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'For me, it's personal': San Diego man walks 125 miles for foster youth

Journey highlights YMCA programs
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Posted at 5:46 PM, Nov 17, 2022
and last updated 2022-11-17 20:49:42-05

SAN DIEGO (KGTV) — One step at a time, David Baker wants to help make sure no kid becomes homeless when they leave the foster care program.

"It's this impending doom," he says of the day they turn 18 and lose their support system. "It's sort of a dark and gloomy future. So how do you dream in an environment where your skies are covered in clouds and you know, it's not going to get better anytime soon."

That's why he's walking 125 miles this week, from the YMCA in Long Beach to the Border View YMCA in San Ysidro. He hopes his walk can raise awareness about the issues that plague this specific subset of people at risk for homelessness.

According to the National Foster Youth Initiative, 20% of kids in the foster system become homeless immediately after they turn 18. That number jumps to 31% in California. And 25% of kids in the foster system will experience homelessness at some point in the first four years after they leave the program.

Baker understands their situation. He grew up in a family that dealt with chronic homelessness. Then, as he puts it, he "twisted and tumbled" through the system for five years, starting when he turned 16.

He didn't find stability until he entered a YMCA program specifically for young adults.

"We know that foster youth need more support," says Justin Lipford, the San Diego YMCA Director of Community Engagement. He's joining Baker on the walk all week. "By the time they turn 18 and they're ready to look for any kind of housing opportunities, the YMCA is able to provide that."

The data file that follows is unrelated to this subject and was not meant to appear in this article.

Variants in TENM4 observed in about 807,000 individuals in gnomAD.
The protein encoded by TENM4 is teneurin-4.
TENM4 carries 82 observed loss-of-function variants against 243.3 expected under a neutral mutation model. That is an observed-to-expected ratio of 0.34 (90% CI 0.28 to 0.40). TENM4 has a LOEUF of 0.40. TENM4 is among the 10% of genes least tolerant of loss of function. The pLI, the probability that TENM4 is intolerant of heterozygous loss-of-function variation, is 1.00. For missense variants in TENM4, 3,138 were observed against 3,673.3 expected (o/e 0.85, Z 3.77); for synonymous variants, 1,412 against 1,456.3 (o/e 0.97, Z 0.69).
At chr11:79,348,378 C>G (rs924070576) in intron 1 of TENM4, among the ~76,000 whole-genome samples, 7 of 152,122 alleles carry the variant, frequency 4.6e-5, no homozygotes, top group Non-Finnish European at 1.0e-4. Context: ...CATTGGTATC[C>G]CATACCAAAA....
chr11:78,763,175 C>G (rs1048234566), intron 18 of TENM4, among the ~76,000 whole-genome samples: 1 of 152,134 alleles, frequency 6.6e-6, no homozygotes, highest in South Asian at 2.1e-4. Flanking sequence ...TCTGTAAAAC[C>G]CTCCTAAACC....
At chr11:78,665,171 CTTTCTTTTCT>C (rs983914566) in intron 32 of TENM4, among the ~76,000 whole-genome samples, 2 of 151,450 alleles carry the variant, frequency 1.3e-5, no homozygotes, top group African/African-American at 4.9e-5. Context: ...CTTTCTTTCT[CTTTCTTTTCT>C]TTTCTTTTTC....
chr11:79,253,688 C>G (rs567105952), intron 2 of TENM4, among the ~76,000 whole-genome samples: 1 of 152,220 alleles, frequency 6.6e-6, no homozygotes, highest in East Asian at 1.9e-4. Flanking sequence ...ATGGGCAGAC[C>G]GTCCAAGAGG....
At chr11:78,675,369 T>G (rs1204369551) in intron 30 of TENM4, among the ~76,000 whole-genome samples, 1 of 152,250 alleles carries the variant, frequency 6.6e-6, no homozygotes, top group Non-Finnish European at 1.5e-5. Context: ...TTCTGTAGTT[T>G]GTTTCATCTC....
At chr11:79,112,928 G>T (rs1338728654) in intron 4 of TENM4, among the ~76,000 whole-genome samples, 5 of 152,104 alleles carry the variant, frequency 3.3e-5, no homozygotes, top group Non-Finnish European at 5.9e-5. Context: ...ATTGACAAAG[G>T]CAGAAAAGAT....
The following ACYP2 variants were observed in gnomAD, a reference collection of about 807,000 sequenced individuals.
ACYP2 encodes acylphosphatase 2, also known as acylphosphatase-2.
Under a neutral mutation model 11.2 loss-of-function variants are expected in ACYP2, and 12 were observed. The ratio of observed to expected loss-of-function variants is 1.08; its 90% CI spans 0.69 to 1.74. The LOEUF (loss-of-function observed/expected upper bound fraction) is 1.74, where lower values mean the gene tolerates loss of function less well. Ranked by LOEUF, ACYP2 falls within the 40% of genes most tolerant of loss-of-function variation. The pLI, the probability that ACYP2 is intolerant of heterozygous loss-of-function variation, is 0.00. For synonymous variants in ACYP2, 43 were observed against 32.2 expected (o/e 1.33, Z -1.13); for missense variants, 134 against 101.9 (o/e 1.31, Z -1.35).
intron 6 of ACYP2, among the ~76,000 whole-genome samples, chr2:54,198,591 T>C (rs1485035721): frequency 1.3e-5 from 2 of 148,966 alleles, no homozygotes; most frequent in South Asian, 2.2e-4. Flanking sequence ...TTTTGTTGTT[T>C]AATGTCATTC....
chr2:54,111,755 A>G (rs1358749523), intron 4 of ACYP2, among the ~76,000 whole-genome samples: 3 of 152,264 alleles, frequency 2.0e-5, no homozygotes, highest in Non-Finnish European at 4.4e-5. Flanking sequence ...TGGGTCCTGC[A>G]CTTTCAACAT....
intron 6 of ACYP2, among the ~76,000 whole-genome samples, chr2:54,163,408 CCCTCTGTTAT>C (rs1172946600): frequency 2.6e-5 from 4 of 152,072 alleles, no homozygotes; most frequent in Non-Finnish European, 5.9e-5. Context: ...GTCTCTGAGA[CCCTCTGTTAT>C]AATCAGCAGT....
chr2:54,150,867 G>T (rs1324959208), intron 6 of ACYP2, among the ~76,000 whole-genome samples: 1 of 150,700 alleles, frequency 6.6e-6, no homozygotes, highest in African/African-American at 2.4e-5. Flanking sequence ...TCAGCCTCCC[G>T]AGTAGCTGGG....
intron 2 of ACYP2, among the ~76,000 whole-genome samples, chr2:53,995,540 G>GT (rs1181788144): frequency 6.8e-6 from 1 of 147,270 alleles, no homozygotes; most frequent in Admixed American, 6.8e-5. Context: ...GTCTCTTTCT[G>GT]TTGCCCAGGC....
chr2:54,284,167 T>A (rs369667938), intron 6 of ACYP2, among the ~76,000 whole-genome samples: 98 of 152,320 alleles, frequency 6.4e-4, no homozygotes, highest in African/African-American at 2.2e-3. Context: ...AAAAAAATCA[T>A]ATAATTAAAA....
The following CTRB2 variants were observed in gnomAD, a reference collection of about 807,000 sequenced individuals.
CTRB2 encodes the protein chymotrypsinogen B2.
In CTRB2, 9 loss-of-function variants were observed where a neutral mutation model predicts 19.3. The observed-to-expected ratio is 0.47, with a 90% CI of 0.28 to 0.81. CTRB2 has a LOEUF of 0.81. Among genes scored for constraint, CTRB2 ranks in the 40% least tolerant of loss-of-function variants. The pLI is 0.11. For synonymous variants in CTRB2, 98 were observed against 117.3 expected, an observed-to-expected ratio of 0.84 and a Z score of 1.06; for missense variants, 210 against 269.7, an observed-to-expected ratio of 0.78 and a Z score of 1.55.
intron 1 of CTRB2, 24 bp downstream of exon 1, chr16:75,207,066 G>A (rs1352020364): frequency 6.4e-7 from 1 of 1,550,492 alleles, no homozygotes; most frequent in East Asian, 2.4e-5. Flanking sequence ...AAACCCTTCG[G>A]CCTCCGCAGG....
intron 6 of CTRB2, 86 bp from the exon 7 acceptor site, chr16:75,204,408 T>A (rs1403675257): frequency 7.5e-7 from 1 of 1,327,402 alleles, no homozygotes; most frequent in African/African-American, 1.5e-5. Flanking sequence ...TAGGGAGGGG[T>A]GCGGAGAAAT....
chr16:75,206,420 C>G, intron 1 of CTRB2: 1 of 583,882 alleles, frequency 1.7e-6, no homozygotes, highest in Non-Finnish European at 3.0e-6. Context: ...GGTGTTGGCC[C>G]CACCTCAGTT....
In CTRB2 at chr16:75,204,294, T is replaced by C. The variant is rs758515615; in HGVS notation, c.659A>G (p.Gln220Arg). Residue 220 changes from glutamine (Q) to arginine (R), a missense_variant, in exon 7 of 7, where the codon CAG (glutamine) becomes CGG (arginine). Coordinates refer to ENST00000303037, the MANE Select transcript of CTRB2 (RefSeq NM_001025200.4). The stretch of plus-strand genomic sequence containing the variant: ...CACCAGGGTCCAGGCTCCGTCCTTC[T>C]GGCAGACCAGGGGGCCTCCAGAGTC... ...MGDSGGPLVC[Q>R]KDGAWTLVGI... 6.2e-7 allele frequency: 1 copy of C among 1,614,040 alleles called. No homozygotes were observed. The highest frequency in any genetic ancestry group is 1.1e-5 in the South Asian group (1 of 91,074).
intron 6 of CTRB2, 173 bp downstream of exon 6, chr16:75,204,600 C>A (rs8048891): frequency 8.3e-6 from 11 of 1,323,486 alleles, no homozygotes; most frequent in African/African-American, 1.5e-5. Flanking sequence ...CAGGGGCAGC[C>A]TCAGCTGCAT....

The San Diego YMCA owns three apartment complexes specifically for young adults at risk of homelessness. They can house around 100 people at a time, putting them on a path to self-sufficiency.

"We give them the support and give them the counseling. We help them develop their networks, all in a hope that these things would be what they need, once they progressed to their 20s and 30s," says Lipford.

"For me, it's personal," adds Baker. "My number one hope is the community sees this as a community problem that requires community solutions...

"What we want to do is stop the flow. We don't want the future to include homelessness. So if we can work with these young people now, get them what they need now, we won't have to worry about them tomorrow."

Hundreds of people have joined Baker and Lipford on the walk throughout the week. Both men say they're feeling the pain of every mile, but it's worth it to help others live a better life.

"These programs are saving lives," says Lipford. "As long as that's happening, we're making progress."